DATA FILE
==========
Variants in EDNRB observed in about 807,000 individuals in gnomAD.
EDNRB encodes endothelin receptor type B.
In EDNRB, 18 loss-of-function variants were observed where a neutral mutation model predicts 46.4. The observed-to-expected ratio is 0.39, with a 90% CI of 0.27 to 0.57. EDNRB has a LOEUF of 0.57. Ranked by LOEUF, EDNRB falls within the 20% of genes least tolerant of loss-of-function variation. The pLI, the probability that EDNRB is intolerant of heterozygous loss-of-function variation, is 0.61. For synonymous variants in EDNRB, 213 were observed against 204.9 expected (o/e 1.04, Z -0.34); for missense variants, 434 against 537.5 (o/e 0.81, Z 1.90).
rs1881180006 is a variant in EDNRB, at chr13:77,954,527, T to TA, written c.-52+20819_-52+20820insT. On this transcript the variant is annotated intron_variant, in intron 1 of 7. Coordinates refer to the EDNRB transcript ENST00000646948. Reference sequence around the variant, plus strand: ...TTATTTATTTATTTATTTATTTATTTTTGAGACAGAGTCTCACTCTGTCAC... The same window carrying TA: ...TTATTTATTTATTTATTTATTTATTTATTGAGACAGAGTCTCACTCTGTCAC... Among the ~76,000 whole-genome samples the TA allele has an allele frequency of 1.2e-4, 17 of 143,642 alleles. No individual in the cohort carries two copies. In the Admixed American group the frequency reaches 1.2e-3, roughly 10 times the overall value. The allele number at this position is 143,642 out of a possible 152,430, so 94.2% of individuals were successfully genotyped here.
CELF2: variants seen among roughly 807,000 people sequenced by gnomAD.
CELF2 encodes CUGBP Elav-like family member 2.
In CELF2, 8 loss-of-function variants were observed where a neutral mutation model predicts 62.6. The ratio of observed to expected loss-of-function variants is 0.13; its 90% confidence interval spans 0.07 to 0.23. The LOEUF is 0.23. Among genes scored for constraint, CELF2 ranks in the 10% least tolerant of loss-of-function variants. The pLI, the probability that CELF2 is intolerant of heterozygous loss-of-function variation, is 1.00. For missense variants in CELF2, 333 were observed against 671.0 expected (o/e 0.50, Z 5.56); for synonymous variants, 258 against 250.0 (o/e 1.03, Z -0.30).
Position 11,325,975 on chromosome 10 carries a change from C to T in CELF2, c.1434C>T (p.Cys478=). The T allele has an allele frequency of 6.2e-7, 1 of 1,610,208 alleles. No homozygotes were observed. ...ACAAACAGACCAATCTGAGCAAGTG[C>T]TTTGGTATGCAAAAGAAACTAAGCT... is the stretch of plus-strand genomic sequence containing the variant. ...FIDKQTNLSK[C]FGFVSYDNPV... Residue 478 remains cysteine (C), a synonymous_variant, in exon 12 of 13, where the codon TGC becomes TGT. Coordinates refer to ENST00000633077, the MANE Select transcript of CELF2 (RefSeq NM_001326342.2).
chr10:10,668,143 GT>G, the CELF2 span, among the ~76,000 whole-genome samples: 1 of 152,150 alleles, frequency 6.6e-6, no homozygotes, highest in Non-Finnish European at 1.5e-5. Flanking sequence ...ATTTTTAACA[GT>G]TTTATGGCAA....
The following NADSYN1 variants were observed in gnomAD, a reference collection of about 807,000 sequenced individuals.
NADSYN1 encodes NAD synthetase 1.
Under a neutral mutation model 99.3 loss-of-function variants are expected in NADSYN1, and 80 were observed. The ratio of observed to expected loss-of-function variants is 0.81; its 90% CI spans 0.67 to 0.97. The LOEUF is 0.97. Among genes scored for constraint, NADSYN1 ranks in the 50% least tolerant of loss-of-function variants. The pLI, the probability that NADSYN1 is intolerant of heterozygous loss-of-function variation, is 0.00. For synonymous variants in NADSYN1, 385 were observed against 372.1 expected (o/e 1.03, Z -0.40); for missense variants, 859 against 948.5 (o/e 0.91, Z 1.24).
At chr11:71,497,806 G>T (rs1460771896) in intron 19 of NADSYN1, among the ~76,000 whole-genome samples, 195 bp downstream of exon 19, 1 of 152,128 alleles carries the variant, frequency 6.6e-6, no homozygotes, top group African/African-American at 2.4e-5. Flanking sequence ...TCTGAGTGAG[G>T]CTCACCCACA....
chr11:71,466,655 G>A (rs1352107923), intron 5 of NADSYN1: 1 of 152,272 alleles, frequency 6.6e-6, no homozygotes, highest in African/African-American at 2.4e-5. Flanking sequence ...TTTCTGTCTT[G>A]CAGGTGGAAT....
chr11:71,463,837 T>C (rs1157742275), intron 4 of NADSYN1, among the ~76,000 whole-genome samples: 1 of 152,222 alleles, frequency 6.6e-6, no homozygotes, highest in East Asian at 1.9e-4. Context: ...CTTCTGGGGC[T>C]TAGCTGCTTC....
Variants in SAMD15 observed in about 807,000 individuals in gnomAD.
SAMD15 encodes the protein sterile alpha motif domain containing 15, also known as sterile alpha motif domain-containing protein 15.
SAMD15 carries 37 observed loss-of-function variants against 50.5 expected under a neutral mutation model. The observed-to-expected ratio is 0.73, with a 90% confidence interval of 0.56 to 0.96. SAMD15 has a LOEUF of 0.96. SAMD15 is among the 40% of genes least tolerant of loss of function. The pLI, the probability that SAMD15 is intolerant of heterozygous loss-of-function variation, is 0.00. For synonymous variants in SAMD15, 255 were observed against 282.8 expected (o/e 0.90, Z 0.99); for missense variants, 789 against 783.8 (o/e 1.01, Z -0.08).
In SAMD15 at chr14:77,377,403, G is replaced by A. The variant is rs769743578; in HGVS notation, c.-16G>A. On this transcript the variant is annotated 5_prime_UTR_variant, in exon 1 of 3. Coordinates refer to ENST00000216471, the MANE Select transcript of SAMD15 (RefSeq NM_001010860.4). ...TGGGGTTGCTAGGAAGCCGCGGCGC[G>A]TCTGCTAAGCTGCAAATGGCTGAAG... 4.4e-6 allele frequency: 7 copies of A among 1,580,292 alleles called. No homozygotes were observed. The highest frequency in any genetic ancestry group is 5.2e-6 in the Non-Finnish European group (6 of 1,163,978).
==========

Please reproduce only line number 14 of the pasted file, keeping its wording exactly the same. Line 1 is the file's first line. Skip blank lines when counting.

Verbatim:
chr11:71,466,655 G>A (rs1352107923), intron 5 of NADSYN1: 1 of 152,272 alleles, frequency 6.6e-6, no homozygotes, highest in African/African-American at 2.4e-5. Flanking sequence ...TTTCTGTCTT[G>A]CAGGTGGAAT....